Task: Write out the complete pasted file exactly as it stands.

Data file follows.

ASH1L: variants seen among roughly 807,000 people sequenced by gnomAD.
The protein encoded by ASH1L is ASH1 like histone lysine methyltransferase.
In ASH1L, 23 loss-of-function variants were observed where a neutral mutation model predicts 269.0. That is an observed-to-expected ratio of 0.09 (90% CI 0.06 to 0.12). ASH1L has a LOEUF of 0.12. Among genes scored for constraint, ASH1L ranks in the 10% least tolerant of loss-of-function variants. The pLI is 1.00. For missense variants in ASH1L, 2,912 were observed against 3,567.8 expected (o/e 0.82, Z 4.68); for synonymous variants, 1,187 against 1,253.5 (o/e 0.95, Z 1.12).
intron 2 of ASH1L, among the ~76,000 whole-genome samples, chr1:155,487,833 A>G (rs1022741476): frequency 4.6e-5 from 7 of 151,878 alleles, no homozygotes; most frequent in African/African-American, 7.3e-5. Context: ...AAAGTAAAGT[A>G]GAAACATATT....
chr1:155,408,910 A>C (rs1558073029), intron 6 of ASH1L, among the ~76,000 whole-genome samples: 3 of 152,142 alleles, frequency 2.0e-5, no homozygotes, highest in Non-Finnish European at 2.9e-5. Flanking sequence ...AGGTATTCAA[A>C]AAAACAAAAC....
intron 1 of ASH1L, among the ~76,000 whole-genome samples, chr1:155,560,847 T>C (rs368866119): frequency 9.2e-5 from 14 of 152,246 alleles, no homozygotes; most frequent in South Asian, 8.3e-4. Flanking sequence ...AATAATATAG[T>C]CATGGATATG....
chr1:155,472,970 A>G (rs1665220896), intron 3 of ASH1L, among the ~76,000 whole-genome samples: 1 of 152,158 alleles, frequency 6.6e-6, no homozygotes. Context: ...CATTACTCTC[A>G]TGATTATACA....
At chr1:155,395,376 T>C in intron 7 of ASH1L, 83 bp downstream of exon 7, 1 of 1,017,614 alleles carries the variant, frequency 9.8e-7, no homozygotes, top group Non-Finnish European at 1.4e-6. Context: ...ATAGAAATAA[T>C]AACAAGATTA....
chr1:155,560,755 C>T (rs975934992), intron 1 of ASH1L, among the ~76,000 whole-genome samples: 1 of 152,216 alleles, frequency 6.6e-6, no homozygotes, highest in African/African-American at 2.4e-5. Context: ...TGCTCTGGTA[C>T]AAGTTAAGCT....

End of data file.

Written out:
ASH1L: variants seen among roughly 807,000 people sequenced by gnomAD.
The protein encoded by ASH1L is ASH1 like histone lysine methyltransferase.
In ASH1L, 23 loss-of-function variants were observed where a neutral mutation model predicts 269.0. That is an observed-to-expected ratio of 0.09 (90% CI 0.06 to 0.12). ASH1L has a LOEUF of 0.12. Among genes scored for constraint, ASH1L ranks in the 10% least tolerant of loss-of-function variants. The pLI is 1.00. For missense variants in ASH1L, 2,912 were observed against 3,567.8 expected (o/e 0.82, Z 4.68); for synonymous variants, 1,187 against 1,253.5 (o/e 0.95, Z 1.12).
intron 2 of ASH1L, among the ~76,000 whole-genome samples, chr1:155,487,833 A>G (rs1022741476): frequency 4.6e-5 from 7 of 151,878 alleles, no homozygotes; most frequent in African/African-American, 7.3e-5. Context: ...AAAGTAAAGT[A>G]GAAACATATT....
chr1:155,408,910 A>C (rs1558073029), intron 6 of ASH1L, among the ~76,000 whole-genome samples: 3 of 152,142 alleles, frequency 2.0e-5, no homozygotes, highest in Non-Finnish European at 2.9e-5. Flanking sequence ...AGGTATTCAA[A>C]AAAACAAAAC....
intron 1 of ASH1L, among the ~76,000 whole-genome samples, chr1:155,560,847 T>C (rs368866119): frequency 9.2e-5 from 14 of 152,246 alleles, no homozygotes; most frequent in South Asian, 8.3e-4. Flanking sequence ...AATAATATAG[T>C]CATGGATATG....
chr1:155,472,970 A>G (rs1665220896), intron 3 of ASH1L, among the ~76,000 whole-genome samples: 1 of 152,158 alleles, frequency 6.6e-6, no homozygotes. Context: ...CATTACTCTC[A>G]TGATTATACA....
At chr1:155,395,376 T>C in intron 7 of ASH1L, 83 bp downstream of exon 7, 1 of 1,017,614 alleles carries the variant, frequency 9.8e-7, no homozygotes, top group Non-Finnish European at 1.4e-6. Context: ...ATAGAAATAA[T>C]AACAAGATTA....
chr1:155,560,755 C>T (rs975934992), intron 1 of ASH1L, among the ~76,000 whole-genome samples: 1 of 152,216 alleles, frequency 6.6e-6, no homozygotes, highest in African/African-American at 2.4e-5. Context: ...TGCTCTGGTA[C>T]AAGTTAAGCT....